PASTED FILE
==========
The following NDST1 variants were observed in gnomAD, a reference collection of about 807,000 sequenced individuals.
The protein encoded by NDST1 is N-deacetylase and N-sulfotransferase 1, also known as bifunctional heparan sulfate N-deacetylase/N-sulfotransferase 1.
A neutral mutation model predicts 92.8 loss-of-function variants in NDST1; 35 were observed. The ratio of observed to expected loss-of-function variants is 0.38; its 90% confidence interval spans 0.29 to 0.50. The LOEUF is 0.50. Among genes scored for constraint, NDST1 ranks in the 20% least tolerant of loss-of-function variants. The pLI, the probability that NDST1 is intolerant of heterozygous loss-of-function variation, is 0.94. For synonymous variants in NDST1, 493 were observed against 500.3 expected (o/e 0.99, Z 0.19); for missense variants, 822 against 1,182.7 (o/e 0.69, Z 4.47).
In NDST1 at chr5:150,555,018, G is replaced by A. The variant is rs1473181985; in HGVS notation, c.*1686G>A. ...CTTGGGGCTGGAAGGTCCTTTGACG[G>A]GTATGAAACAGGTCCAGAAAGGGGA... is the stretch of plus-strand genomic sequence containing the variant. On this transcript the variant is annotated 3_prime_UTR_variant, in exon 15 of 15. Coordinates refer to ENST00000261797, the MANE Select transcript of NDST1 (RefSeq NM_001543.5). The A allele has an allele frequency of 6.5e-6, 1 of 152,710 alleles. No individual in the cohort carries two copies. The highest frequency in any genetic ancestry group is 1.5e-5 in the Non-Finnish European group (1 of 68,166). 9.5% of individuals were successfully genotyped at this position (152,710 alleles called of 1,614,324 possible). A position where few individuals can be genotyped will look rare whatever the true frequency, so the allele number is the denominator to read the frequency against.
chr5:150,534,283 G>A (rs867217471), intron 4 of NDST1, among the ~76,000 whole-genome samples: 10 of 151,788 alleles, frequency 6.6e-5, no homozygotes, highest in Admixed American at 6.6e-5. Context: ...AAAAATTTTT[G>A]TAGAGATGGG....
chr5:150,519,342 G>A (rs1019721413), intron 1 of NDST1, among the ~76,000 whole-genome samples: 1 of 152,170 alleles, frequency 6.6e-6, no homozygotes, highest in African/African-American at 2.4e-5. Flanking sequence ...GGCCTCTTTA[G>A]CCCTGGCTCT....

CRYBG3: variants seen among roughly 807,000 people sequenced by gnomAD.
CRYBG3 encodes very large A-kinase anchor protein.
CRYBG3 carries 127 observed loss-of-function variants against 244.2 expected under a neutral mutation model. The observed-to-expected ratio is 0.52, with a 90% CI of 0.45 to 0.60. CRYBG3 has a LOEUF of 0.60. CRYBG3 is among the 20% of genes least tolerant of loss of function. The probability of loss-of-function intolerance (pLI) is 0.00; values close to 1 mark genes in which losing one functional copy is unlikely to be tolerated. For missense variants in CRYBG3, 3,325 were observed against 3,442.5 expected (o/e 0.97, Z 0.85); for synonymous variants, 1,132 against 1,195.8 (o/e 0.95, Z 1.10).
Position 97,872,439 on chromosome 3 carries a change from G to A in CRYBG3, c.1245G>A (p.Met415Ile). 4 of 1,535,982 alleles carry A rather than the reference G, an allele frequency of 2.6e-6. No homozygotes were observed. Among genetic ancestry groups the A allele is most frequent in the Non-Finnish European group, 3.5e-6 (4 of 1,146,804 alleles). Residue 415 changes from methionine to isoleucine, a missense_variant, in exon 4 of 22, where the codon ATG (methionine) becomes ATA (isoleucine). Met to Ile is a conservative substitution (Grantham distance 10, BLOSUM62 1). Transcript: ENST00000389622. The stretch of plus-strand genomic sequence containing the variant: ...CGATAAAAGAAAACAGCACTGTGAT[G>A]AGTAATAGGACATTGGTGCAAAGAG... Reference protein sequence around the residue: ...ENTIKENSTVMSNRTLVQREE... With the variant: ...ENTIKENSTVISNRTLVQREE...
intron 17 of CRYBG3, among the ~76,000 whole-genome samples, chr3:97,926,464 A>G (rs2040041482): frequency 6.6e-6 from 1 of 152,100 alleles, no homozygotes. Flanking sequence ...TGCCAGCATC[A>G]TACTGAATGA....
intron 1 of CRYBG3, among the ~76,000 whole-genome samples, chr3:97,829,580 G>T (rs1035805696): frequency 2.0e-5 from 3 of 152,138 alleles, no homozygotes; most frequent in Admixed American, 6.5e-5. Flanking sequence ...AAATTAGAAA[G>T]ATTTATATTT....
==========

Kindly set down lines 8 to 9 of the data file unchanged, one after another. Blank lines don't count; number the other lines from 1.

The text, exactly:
CRYBG3 encodes very large A-kinase anchor protein.
CRYBG3 carries 127 observed loss-of-function variants against 244.2 expected under a neutral mutation model. The observed-to-expected ratio is 0.52, with a 90% CI of 0.45 to 0.60. CRYBG3 has a LOEUF of 0.60. CRYBG3 is among the 20% of genes least tolerant of loss of function. The probability of loss-of-function intolerance (pLI) is 0.00; values close to 1 mark genes in which losing one functional copy is unlikely to be tolerated. For missense variants in CRYBG3, 3,325 were observed against 3,442.5 expected (o/e 0.97, Z 0.85); for synonymous variants, 1,132 against 1,195.8 (o/e 0.95, Z 1.10).